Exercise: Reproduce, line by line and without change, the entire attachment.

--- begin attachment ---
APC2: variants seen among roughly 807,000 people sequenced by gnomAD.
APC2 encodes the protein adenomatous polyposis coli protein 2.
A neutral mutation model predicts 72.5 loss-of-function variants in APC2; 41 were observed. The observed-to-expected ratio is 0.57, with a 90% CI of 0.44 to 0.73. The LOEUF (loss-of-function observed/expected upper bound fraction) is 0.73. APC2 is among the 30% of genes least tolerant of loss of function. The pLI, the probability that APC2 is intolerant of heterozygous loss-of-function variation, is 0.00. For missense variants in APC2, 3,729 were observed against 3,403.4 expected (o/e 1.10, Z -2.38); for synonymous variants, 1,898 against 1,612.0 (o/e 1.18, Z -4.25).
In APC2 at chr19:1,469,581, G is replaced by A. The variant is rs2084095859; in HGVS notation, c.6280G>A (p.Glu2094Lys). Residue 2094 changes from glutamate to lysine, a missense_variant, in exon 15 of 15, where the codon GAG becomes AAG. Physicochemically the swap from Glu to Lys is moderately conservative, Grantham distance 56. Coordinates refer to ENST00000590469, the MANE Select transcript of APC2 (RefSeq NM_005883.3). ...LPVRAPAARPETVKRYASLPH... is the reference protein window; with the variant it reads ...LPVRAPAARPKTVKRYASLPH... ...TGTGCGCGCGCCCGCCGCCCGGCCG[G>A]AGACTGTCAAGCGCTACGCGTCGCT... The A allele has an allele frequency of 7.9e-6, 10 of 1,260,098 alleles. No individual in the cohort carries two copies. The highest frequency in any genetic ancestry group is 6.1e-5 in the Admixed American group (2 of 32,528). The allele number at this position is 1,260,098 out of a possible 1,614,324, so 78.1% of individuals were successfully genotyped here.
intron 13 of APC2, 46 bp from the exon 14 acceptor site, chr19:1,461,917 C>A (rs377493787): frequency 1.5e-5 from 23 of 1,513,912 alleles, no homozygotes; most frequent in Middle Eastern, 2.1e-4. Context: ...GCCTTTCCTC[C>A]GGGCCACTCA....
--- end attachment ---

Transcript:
APC2: variants seen among roughly 807,000 people sequenced by gnomAD.
APC2 encodes the protein adenomatous polyposis coli protein 2.
A neutral mutation model predicts 72.5 loss-of-function variants in APC2; 41 were observed. The observed-to-expected ratio is 0.57, with a 90% CI of 0.44 to 0.73. The LOEUF (loss-of-function observed/expected upper bound fraction) is 0.73. APC2 is among the 30% of genes least tolerant of loss of function. The pLI, the probability that APC2 is intolerant of heterozygous loss-of-function variation, is 0.00. For missense variants in APC2, 3,729 were observed against 3,403.4 expected (o/e 1.10, Z -2.38); for synonymous variants, 1,898 against 1,612.0 (o/e 1.18, Z -4.25).
In APC2 at chr19:1,469,581, G is replaced by A. The variant is rs2084095859; in HGVS notation, c.6280G>A (p.Glu2094Lys). Residue 2094 changes from glutamate to lysine, a missense_variant, in exon 15 of 15, where the codon GAG becomes AAG. Physicochemically the swap from Glu to Lys is moderately conservative, Grantham distance 56. Coordinates refer to ENST00000590469, the MANE Select transcript of APC2 (RefSeq NM_005883.3). ...LPVRAPAARPETVKRYASLPH... is the reference protein window; with the variant it reads ...LPVRAPAARPKTVKRYASLPH... ...TGTGCGCGCGCCCGCCGCCCGGCCG[G>A]AGACTGTCAAGCGCTACGCGTCGCT... The A allele has an allele frequency of 7.9e-6, 10 of 1,260,098 alleles. No individual in the cohort carries two copies. The highest frequency in any genetic ancestry group is 6.1e-5 in the Admixed American group (2 of 32,528). The allele number at this position is 1,260,098 out of a possible 1,614,324, so 78.1% of individuals were successfully genotyped here.
intron 13 of APC2, 46 bp from the exon 14 acceptor site, chr19:1,461,917 C>A (rs377493787): frequency 1.5e-5 from 23 of 1,513,912 alleles, no homozygotes; most frequent in Middle Eastern, 2.1e-4. Context: ...GCCTTTCCTC[C>A]GGGCCACTCA....